the Net Set Design Net-a-porter

Net-a-Porter creative director explains ‘challenging’ design process of social shopping network The Net Set


By Natalie Mortimer, N/A

May 22, 2015 | 4 min read

Earlier this month fashion e-tailer Net-a-Porter released a fashion-focused, shoppable social platform, named The Net Set to allow consumers to find inspiration and speak with other fashion fans. The Drum caught up with creative director Alexandra Hoffnung who explained the challenges of approaching the design for the mobile app and what the future holds.

“Being set the challenge of designing something that is respectful and has a very strong nod to the Net-a-Porter brand but also has a point of difference is very challenging,” says Hoffnung as she talks through the rationale for the mobile app, which has been two years in the making.

The beta version of The Net Set started out as The Net Book, a proof of concept app based on a diary or Filofax that women could store ideas in. It’s successor, says Hoffnung is much more paired down and streamlined to reflect the shift in style of Apple’s iOS7 update.

The brief for The Net Set was to create an app that would feel fresh, part of the Net-a-Porter family but with its own identity to draw it apart from the e-tailer’s main branding.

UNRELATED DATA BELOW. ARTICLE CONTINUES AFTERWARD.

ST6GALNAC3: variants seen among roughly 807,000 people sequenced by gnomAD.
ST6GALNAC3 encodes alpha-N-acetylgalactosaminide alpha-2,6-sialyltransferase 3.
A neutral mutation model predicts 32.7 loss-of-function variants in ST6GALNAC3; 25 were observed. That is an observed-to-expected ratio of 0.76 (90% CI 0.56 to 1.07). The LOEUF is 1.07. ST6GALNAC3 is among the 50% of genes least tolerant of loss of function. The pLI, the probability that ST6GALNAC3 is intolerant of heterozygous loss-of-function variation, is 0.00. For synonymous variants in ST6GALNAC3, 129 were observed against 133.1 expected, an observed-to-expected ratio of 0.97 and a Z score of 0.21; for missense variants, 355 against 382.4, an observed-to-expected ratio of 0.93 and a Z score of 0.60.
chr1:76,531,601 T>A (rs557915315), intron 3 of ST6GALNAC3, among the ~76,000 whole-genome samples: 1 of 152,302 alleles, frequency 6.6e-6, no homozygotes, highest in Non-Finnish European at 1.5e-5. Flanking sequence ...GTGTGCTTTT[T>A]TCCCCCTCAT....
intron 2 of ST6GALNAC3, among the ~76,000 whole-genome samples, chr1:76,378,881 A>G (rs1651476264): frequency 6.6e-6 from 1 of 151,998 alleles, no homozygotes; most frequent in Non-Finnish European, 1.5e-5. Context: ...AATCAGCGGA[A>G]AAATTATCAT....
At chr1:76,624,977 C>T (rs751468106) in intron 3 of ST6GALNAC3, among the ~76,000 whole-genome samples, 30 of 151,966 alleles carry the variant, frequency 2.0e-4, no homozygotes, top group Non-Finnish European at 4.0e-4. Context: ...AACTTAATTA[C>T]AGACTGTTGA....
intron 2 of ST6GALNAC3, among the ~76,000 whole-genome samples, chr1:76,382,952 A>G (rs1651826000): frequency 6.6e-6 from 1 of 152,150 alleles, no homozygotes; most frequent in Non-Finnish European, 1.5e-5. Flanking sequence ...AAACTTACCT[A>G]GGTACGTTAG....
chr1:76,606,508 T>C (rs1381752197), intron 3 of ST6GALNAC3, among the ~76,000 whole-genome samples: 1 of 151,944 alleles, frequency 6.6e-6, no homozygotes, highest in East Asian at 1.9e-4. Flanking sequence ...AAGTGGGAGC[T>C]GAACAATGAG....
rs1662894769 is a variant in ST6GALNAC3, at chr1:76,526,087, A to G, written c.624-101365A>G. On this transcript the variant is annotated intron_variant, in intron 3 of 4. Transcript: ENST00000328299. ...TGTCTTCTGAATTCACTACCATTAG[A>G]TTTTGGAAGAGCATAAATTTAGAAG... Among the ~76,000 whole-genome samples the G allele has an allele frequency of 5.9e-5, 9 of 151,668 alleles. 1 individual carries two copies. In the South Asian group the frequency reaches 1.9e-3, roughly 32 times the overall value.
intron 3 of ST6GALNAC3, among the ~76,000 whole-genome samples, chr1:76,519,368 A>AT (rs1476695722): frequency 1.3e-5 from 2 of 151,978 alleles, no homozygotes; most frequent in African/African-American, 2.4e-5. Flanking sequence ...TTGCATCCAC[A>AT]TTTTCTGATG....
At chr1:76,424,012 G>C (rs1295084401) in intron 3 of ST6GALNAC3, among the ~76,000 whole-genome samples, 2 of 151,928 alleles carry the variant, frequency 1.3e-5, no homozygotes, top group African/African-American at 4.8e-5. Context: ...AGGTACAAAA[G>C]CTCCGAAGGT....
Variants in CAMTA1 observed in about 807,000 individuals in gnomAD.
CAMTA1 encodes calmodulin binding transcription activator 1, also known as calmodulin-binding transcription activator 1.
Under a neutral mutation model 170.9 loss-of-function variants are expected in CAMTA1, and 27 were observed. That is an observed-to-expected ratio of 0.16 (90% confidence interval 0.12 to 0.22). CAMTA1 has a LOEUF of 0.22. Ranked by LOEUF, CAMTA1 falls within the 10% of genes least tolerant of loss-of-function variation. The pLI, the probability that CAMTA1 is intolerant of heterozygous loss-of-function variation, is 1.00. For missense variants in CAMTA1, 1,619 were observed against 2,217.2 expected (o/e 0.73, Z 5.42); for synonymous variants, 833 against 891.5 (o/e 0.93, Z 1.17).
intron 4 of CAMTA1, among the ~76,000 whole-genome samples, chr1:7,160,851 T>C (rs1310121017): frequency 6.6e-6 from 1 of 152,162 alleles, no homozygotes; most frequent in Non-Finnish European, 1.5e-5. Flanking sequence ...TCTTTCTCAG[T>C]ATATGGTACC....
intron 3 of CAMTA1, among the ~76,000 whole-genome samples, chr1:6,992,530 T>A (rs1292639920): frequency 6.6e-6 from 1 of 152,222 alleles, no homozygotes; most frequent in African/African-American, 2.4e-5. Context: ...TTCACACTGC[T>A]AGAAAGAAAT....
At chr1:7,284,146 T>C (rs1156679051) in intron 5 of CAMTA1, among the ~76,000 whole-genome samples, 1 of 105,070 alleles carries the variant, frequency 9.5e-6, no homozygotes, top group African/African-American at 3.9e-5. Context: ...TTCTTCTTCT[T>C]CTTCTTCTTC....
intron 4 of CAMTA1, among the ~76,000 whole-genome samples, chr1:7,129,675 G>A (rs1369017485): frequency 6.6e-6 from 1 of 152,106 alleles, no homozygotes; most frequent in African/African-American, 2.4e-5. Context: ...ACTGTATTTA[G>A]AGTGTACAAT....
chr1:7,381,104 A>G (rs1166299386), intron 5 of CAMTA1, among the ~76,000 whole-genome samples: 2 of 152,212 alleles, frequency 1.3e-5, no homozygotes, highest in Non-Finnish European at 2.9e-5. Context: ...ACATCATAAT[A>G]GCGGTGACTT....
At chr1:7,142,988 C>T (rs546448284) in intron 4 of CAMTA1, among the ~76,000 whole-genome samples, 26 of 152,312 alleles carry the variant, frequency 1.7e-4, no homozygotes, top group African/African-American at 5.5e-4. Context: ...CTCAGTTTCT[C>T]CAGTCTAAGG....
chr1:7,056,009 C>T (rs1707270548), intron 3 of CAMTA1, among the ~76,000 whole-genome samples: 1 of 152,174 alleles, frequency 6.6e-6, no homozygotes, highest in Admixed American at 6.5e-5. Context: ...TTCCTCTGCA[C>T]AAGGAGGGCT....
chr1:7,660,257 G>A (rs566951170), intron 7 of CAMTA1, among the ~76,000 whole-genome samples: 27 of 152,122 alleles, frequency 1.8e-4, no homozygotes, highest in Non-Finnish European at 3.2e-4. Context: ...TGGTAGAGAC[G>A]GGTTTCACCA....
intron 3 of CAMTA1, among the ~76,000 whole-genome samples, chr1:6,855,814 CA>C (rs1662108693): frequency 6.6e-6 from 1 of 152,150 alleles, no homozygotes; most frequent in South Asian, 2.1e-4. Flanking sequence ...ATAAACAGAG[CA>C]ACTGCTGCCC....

The result is a design that incorporates Net-a-Porter’s well-known monochrome design but for the first time uses a splash of red as a highlight state for the navigation tab at the bottom of the app and as a selection indicator.

The process was not “an easy ride” stresses Hoffnung who went through “a lot” of iterations together with Net-a-Porter founder Natalie Massenet. “You have a lot of people who are very passionate about how Net-a-Porter looks as a brand- it’s been that way for 15 years so it’s very established and being able to be respectful of that and take certain elements of it that work for this project and integrating it with new ones is very challenging.”

Hoffnung also introduced a new font, Avenir, to take into account the user experience on a small screen as well as a new serif font called Miller. Net-a-Porter uses a similar font but this was “cut a bit heavier” for digital usage to give it the weight that it needed to be legible on mobile.

Since launch last Wednesday (13 May) the app has been downloaded 10,000 times and has received “phenomenal feedback” with regards to user experience and the flow of the design.

“As a creative director you have to be so in tune with user experience as well as design – we never would approach something just because we liked the way it looked,” says Hoffnung. “The role of the designer has changed a lot over the last couple of years, you have to be so much more in tune with how products behave as well as how they look.”

In terms of future updates, Hoffnung says the app will receive new features on a monthly basis and will add in new functionality such as video should consumers express a demand.

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